Friday, August 23, 2013

August 24-29, 1930 - Cincinnati GAR Encampment

The Grand Army of the Republic (GAR) was a fraternal organization composed of veterans of the Union Army,  US Navy, Marines and Revenue Cutter Service who served in the American Civil War.

Founded in 1866, it was dissolved in 1956 when its last member died.

Linking men through their experience of the war, the GAR became among the first organized  advocacy groups in American politics, supporting voting rights for black veterans, lobbying the US Congress to establish veterans' pensions, and supporting Republican political candidates. The GAR initially grew and prospered as a de facto political arm of the Republican Party during the heated political contests of the Reconstruction era.  The commemoration of Union veterans, black and white, immediately became entwined with partisan politics. The GAR promoted voting rights for black veterans, as many veterans recognized their demonstrated patriotism. Black veterans, who enthusiastically embraced the message of equality, shunned black veterans' organizations in preference for racially inclusive groups. But when the Republican Party's commitment to reform in the South gradually decreased, the GAR's mission became ill-defined and the organization floundered. The GAR almost disappeared in the early 1870s, and many divisions ceased to exist.

In the 1880s, the organization revived under new leadership that provided a platform for renewed growth, by advocating federal pensions for vetereans. As the organization revived, black veterans joined in significant numbers and organized local posts. The national organization, however, failed to press the case for pensions for black soldiers.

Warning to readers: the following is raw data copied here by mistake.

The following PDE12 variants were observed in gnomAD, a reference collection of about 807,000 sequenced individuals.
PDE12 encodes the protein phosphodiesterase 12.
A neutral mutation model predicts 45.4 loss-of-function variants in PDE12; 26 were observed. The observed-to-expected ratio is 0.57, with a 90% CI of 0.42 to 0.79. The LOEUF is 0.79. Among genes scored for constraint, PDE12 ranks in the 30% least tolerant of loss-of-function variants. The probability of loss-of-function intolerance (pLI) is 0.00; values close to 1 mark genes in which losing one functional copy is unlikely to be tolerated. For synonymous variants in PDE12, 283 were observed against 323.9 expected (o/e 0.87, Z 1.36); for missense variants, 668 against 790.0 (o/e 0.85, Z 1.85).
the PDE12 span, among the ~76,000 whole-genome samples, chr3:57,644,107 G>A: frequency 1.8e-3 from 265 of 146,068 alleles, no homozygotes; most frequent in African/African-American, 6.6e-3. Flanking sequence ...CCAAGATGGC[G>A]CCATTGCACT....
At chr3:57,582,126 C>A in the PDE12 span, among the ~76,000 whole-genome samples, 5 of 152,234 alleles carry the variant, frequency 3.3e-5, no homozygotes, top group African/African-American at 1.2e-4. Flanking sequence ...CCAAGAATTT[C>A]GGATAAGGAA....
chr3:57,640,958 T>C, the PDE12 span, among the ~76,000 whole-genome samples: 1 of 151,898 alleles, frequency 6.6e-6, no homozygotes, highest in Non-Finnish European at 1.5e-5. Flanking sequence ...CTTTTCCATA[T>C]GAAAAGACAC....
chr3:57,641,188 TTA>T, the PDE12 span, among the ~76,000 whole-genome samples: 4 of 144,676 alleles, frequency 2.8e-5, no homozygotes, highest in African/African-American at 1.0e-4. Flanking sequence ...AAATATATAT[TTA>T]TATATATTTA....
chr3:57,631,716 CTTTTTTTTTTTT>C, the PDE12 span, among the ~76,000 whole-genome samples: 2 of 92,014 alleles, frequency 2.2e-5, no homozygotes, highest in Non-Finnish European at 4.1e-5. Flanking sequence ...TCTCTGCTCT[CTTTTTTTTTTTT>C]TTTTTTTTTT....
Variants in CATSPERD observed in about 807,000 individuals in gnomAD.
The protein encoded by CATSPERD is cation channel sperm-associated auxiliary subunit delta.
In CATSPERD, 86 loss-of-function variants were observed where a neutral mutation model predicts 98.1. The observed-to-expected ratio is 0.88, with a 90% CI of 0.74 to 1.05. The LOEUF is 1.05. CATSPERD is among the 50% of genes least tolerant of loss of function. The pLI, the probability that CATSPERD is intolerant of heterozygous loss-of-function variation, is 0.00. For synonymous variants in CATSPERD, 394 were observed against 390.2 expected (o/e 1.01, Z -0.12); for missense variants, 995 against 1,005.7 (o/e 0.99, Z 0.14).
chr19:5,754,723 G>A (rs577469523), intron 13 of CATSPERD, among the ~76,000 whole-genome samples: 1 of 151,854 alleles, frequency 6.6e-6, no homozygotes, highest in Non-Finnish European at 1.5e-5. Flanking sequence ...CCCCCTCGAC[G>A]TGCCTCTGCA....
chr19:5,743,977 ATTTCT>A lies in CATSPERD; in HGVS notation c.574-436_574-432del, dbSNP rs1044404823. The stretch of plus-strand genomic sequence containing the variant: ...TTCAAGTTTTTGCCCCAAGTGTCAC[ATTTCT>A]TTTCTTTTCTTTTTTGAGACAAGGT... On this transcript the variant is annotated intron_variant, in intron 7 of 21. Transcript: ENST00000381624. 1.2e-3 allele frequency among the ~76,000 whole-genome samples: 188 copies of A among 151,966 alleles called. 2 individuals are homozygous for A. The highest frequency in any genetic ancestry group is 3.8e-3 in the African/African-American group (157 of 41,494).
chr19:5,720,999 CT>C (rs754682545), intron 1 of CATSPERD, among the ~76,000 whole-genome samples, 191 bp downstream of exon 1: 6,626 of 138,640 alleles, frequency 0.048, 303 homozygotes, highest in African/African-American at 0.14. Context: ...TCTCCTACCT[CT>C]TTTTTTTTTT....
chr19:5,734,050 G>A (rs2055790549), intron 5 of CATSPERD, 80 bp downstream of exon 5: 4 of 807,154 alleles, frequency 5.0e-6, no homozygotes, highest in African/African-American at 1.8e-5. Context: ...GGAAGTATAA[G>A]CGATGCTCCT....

The GAR's peak membership, at more than 490,000, was in 1890, a high point of Civil War commemorative ceremonies. 

The GAR held "National Encampments" for 83 years, from 1866 to 1949. 

Different cities held this annual national encampment with Cincinnati holding three of them (the first in 1869, the second in 1898 and the third in 1930).

Cincinnati, 64th National Encampment - August 24-29, 1930

The Daughters of Union Veterans of the Civil War
dedicated a flagpole in Eden Park

Cincinnati, 32nd National Encampment - September 5-10, 1898


The Grand Army Arch spanned Vine Street at 12th Street in 1898.  It showed soldiers from the Union and the Confederacy clasping hands, below which is the motto "United we Stand, Divided we Fall". 

One of the main tenants of the GAR was uniting a divided country. 

The local transit system was overwhelmed and broke down due to the huge numbers of people attending the encampment. Thousands of conventioneers were stranded.

It was illegal for people to walk across the top of the arch but police finally gave up trying to stop them from crossing. They had to wait more than an hour to do so.

The Arch pictured above & below was located at 5th & Race Streets.

Arch at Fourth & Race Streets

Souvenir Pin

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